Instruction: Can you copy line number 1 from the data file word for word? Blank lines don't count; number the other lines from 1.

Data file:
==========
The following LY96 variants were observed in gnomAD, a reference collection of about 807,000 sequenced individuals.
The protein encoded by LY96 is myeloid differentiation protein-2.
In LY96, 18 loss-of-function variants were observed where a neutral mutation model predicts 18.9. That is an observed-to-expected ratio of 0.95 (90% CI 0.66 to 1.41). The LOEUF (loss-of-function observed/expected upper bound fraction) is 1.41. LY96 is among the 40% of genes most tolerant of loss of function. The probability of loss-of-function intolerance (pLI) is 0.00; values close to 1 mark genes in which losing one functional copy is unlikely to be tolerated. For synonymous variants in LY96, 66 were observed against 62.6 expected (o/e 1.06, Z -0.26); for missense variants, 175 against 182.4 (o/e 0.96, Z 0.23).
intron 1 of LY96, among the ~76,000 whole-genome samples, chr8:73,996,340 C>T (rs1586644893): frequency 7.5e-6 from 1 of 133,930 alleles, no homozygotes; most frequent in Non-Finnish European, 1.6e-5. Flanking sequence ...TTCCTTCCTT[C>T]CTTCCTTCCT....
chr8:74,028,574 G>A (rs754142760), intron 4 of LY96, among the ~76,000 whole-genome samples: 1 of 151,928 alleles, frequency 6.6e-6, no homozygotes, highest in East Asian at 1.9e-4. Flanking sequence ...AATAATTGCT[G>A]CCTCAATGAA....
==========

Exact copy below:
The following LY96 variants were observed in gnomAD, a reference collection of about 807,000 sequenced individuals.